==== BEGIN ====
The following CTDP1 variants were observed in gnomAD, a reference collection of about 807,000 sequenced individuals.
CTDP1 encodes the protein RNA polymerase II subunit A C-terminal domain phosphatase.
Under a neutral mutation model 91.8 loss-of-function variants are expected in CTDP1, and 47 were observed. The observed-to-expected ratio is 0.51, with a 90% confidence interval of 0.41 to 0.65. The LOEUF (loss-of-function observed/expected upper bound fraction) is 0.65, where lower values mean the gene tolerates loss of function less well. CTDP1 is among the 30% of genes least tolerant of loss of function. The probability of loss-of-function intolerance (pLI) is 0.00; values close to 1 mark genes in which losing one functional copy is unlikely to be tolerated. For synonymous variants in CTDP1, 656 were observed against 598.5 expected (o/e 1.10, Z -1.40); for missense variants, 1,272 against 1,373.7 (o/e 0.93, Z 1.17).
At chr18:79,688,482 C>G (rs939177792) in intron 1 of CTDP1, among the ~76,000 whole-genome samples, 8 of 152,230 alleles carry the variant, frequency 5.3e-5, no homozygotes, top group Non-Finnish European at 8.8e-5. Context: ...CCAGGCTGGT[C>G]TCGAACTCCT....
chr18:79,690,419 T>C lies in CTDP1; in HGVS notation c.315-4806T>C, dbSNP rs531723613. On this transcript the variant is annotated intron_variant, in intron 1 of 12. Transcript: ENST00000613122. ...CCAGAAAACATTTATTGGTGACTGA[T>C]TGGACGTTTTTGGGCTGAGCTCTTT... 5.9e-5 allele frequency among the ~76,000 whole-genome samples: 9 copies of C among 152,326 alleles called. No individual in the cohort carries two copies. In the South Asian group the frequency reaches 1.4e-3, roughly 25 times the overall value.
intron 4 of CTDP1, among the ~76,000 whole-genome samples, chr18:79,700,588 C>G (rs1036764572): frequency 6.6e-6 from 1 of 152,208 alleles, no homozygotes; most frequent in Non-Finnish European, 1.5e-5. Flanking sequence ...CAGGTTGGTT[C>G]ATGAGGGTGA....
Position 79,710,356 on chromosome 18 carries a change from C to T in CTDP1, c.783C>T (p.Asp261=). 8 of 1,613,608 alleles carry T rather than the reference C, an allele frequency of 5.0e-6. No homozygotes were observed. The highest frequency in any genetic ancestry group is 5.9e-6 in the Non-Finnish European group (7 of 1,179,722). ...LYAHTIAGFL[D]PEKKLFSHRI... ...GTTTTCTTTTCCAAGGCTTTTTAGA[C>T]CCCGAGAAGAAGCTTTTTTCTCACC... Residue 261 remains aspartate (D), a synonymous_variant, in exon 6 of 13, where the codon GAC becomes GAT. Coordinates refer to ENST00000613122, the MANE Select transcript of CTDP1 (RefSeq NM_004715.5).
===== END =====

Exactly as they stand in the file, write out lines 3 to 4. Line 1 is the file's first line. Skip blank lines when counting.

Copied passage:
Under a neutral mutation model 91.8 loss-of-function variants are expected in CTDP1, and 47 were observed. The observed-to-expected ratio is 0.51, with a 90% confidence interval of 0.41 to 0.65. The LOEUF (loss-of-function observed/expected upper bound fraction) is 0.65, where lower values mean the gene tolerates loss of function less well. CTDP1 is among the 30% of genes least tolerant of loss of function. The probability of loss-of-function intolerance (pLI) is 0.00; values close to 1 mark genes in which losing one functional copy is unlikely to be tolerated. For synonymous variants in CTDP1, 656 were observed against 598.5 expected (o/e 1.10, Z -1.40); for missense variants, 1,272 against 1,373.7 (o/e 0.93, Z 1.17).
At chr18:79,688,482 C>G (rs939177792) in intron 1 of CTDP1, among the ~76,000 whole-genome samples, 8 of 152,230 alleles carry the variant, frequency 5.3e-5, no homozygotes, top group Non-Finnish European at 8.8e-5. Context: ...CCAGGCTGGT[C>G]TCGAACTCCT....